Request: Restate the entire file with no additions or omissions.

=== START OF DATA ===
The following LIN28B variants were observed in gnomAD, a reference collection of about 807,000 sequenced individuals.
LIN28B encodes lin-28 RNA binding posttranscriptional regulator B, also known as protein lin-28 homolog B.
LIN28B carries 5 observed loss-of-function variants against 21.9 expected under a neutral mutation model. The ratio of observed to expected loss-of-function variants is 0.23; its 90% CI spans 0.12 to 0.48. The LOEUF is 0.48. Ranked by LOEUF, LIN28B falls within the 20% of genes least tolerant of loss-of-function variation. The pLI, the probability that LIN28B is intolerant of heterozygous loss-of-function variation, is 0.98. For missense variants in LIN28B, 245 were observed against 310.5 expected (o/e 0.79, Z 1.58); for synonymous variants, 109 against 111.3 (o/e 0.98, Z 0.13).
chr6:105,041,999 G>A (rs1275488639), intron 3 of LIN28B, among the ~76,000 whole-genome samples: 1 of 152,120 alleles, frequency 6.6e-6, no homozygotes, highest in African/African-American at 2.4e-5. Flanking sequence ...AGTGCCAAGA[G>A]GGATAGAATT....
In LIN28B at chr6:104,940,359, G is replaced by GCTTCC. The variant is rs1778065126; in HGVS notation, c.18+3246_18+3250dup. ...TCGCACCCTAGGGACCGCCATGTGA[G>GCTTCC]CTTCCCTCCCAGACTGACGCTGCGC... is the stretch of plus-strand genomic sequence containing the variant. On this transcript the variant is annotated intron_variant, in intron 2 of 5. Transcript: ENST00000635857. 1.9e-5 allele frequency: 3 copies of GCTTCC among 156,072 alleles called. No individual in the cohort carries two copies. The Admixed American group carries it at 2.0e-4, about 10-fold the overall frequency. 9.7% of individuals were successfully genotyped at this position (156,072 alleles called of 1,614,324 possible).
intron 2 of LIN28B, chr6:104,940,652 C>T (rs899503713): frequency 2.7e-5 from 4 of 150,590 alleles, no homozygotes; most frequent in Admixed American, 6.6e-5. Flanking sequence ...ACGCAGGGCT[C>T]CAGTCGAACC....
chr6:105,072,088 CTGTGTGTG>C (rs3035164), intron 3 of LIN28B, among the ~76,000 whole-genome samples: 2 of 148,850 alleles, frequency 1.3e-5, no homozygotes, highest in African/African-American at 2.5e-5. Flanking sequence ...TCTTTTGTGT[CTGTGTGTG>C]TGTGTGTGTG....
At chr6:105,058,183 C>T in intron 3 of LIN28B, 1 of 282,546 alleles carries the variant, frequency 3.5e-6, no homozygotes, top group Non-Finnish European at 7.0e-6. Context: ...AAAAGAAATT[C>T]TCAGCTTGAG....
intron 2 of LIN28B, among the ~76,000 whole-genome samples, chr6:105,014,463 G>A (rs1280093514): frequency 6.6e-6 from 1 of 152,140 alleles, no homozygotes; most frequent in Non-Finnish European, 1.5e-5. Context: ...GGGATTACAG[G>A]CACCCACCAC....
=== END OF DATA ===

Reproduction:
The following LIN28B variants were observed in gnomAD, a reference collection of about 807,000 sequenced individuals.
LIN28B encodes lin-28 RNA binding posttranscriptional regulator B, also known as protein lin-28 homolog B.
LIN28B carries 5 observed loss-of-function variants against 21.9 expected under a neutral mutation model. The ratio of observed to expected loss-of-function variants is 0.23; its 90% CI spans 0.12 to 0.48. The LOEUF is 0.48. Ranked by LOEUF, LIN28B falls within the 20% of genes least tolerant of loss-of-function variation. The pLI, the probability that LIN28B is intolerant of heterozygous loss-of-function variation, is 0.98. For missense variants in LIN28B, 245 were observed against 310.5 expected (o/e 0.79, Z 1.58); for synonymous variants, 109 against 111.3 (o/e 0.98, Z 0.13).
chr6:105,041,999 G>A (rs1275488639), intron 3 of LIN28B, among the ~76,000 whole-genome samples: 1 of 152,120 alleles, frequency 6.6e-6, no homozygotes, highest in African/African-American at 2.4e-5. Flanking sequence ...AGTGCCAAGA[G>A]GGATAGAATT....
In LIN28B at chr6:104,940,359, G is replaced by GCTTCC. The variant is rs1778065126; in HGVS notation, c.18+3246_18+3250dup. ...TCGCACCCTAGGGACCGCCATGTGA[G>GCTTCC]CTTCCCTCCCAGACTGACGCTGCGC... is the stretch of plus-strand genomic sequence containing the variant. On this transcript the variant is annotated intron_variant, in intron 2 of 5. Transcript: ENST00000635857. 1.9e-5 allele frequency: 3 copies of GCTTCC among 156,072 alleles called. No individual in the cohort carries two copies. The Admixed American group carries it at 2.0e-4, about 10-fold the overall frequency. 9.7% of individuals were successfully genotyped at this position (156,072 alleles called of 1,614,324 possible).
intron 2 of LIN28B, chr6:104,940,652 C>T (rs899503713): frequency 2.7e-5 from 4 of 150,590 alleles, no homozygotes; most frequent in Admixed American, 6.6e-5. Flanking sequence ...ACGCAGGGCT[C>T]CAGTCGAACC....
chr6:105,072,088 CTGTGTGTG>C (rs3035164), intron 3 of LIN28B, among the ~76,000 whole-genome samples: 2 of 148,850 alleles, frequency 1.3e-5, no homozygotes, highest in African/African-American at 2.5e-5. Flanking sequence ...TCTTTTGTGT[CTGTGTGTG>C]TGTGTGTGTG....
At chr6:105,058,183 C>T in intron 3 of LIN28B, 1 of 282,546 alleles carries the variant, frequency 3.5e-6, no homozygotes, top group Non-Finnish European at 7.0e-6. Context: ...AAAAGAAATT[C>T]TCAGCTTGAG....
intron 2 of LIN28B, among the ~76,000 whole-genome samples, chr6:105,014,463 G>A (rs1280093514): frequency 6.6e-6 from 1 of 152,140 alleles, no homozygotes; most frequent in Non-Finnish European, 1.5e-5. Context: ...GGGATTACAG[G>A]CACCCACCAC....